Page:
Tuesday, January 31, 2023

the last Boeing 747 gets constructed and delivered

The sun sets on an era of aviation manufacturing as the very last Boeing 747 lands at Paine Field after a January 10 test flight. The jet will be delivered on Tuesday to Atlas Air, which will operate the plane for freight forwarder Apex Logistics. One side of the aircraft is painted in the colors of Atlas, the other side in the livery of Apex.

From the Seattle Times--

On Tuesday, Boeing will wave a final goodbye to the 747 jumbo jet.

In the years after its launch, the 747 elevated the Puget Sound region to the world’s premier airplane manufacturing site and boosted Boeing to preeminence in aviation. It made international air travel routine.

A diverse cross-section of the Boeing workers who helped bring this transformative piece of engineering to life tell their stories below. They reflect upon their affection for the jumbo jet that changed their lives, and aviation.

Almost exactly 54 years after the first flight, thousands of current and former employees and guests will attend a bittersweet ceremony in Everett on Tuesday before cargo carrier Atlas Air flies away a 747 freighter model, the 1,574th and last “Queen of the Skies” ever built.

Monday, January 30, 2023

the terminus of the NZR's Southbridge branch, 1920s

The railway lasted from 1875 to 1962.  Here it looks like a tank engine is in steam by the goods shed and a rake of passenger cars is at the station platform.  This view is to the south-west.

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1950s Austin Devon art


"An Austin Devon four-door saloon, introduced by Austin in late 1947. It was a complete contrast to the Austin's which had gone before in terms of styling and engine design. Its flowing lines, lack of running boards and built-in headlamps stressed the break with the past, while the interior was room, though the boot was rather small. It was powered by a 1200cc ohv pushrod engine, and could attain a top speed of 65mph and give 30mpg. The engine was rated. at 40bhp and drove through a four-speed gearbox, with synchromesh between the upper three ratios. Excellent access to the engine compartment was provided by a rear-hinged bonnet. The model was so successful, especially in the USA, that by 1950 it had established itself as Britain's biggest dollar-earning car of all time. It was a comfortable and solid car, pleasant to ride in, but with a tendency to roll on sharper comers! It actually weighed just under a ton, but was only 13-feet long. Having also inspired a little sister, the Austin A30 and the larger A70 Hereford, the Devon was superseded in September 1954 by the Austin A40/50 Cambridge."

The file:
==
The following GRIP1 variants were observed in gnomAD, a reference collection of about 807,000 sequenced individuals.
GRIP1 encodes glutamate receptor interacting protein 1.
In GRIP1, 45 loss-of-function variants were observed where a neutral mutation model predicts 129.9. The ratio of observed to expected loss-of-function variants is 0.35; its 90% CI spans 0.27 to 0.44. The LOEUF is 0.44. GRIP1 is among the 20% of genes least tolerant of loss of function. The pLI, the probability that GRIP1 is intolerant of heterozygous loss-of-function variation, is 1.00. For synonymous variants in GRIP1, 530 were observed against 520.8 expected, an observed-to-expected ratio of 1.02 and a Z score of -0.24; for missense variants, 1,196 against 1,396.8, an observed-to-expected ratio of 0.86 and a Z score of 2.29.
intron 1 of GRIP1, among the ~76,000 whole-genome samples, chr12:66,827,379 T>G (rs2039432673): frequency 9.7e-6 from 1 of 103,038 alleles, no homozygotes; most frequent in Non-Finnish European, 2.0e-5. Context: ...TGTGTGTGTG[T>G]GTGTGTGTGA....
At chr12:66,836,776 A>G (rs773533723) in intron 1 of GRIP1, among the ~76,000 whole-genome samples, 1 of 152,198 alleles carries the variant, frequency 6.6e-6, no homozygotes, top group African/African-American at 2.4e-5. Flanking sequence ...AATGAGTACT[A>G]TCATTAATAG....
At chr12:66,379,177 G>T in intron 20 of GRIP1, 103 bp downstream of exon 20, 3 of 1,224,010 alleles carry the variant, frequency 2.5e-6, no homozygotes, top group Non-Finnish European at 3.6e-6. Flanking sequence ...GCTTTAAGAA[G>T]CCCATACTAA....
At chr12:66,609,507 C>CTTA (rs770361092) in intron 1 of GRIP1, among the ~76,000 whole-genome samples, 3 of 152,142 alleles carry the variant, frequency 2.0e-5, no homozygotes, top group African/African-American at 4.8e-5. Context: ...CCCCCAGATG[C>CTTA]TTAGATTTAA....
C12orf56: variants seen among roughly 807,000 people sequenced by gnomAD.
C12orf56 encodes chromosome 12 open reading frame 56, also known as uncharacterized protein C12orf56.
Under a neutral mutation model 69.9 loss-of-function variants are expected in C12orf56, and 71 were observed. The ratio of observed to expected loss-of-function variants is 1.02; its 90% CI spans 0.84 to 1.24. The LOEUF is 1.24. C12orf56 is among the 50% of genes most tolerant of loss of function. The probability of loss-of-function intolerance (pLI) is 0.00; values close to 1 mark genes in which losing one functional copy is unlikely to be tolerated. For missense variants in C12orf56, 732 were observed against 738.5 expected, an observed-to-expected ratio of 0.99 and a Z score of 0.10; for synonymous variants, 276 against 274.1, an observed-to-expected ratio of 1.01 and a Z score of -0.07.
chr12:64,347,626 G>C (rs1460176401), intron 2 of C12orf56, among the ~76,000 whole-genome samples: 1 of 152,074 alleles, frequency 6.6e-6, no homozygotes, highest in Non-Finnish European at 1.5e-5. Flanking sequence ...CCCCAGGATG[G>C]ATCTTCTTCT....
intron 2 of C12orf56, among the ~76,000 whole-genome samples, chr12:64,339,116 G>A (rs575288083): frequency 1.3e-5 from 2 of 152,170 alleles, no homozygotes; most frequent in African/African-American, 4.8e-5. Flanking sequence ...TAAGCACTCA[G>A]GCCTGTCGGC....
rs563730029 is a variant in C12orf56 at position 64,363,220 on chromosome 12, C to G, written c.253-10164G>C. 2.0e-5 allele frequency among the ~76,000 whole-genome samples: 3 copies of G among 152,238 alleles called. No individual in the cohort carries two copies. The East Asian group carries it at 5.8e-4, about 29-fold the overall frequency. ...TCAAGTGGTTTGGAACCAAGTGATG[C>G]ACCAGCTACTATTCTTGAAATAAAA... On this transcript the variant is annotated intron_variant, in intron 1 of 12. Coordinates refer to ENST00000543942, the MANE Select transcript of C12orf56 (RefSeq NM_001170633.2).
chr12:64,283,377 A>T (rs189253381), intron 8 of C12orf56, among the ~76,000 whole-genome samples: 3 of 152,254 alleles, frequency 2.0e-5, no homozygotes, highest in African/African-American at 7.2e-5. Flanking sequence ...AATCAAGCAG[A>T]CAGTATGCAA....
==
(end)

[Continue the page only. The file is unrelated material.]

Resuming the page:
A Malcolm Root artwork, available commercially as a print.

steam traction engine truck in Greenwich, London

No date, but probably pre-WW1.

Sunday, January 29, 2023

'reading a good real book is much better than a little screen'

cars on Pier Ave, Hermosa Beach, Greater LA, late 1950s

Hermosa Avenue left to right.

Brad - Criscior narrow gauge steam railway, Romania

 
The 760 mm gauge industrial line from Brad to Crişcior served brown coal transport from Brad to the power station of Crişcior until the beginning of the 21st centiry. Today it provides occasional museum transport. In the video is the loco EMBA 5 Reşiţa 1336 of 1957.

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readers' camouflage cartoon

(Tom Gauld cartoon on The Guardian)

cars on Girard Avenue, La Jolla, California, circa 1957

1985 Peugeot 505 Turbo



"Built between 1979 and 1992, the 505 first showed in North America in 1980 and then got its Turbo credential for the 1985 model year. The 505 left the US in 1990 and by the time the end of regular production occurred in 1992, the world had seen over 1.3 million 505s – it was a significant model for Peugeot."